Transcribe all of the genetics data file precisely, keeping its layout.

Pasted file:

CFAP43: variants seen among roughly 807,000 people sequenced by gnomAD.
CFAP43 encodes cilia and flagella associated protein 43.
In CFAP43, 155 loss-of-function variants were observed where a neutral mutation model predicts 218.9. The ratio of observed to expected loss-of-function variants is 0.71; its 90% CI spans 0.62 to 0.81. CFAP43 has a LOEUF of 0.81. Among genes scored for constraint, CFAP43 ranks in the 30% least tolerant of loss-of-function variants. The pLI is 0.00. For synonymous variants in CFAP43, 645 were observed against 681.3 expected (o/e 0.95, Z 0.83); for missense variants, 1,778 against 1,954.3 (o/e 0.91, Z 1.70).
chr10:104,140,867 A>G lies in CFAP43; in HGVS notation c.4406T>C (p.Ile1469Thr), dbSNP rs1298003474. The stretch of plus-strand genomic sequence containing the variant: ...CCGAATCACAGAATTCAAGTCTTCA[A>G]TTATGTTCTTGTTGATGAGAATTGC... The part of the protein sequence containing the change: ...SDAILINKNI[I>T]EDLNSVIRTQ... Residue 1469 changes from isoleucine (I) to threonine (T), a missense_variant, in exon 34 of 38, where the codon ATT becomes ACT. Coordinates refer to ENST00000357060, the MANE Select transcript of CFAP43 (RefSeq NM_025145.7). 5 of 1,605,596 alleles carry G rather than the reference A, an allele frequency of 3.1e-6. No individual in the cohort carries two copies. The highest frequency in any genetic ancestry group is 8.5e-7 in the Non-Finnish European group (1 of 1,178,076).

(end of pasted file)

CFAP43: variants seen among roughly 807,000 people sequenced by gnomAD.
CFAP43 encodes cilia and flagella associated protein 43.
In CFAP43, 155 loss-of-function variants were observed where a neutral mutation model predicts 218.9. The ratio of observed to expected loss-of-function variants is 0.71; its 90% CI spans 0.62 to 0.81. CFAP43 has a LOEUF of 0.81. Among genes scored for constraint, CFAP43 ranks in the 30% least tolerant of loss-of-function variants. The pLI is 0.00. For synonymous variants in CFAP43, 645 were observed against 681.3 expected (o/e 0.95, Z 0.83); for missense variants, 1,778 against 1,954.3 (o/e 0.91, Z 1.70).
chr10:104,140,867 A>G lies in CFAP43; in HGVS notation c.4406T>C (p.Ile1469Thr), dbSNP rs1298003474. The stretch of plus-strand genomic sequence containing the variant: ...CCGAATCACAGAATTCAAGTCTTCA[A>G]TTATGTTCTTGTTGATGAGAATTGC... The part of the protein sequence containing the change: ...SDAILINKNI[I>T]EDLNSVIRTQ... Residue 1469 changes from isoleucine (I) to threonine (T), a missense_variant, in exon 34 of 38, where the codon ATT becomes ACT. Coordinates refer to ENST00000357060, the MANE Select transcript of CFAP43 (RefSeq NM_025145.7). 5 of 1,605,596 alleles carry G rather than the reference A, an allele frequency of 3.1e-6. No individual in the cohort carries two copies. The highest frequency in any genetic ancestry group is 8.5e-7 in the Non-Finnish European group (1 of 1,178,076).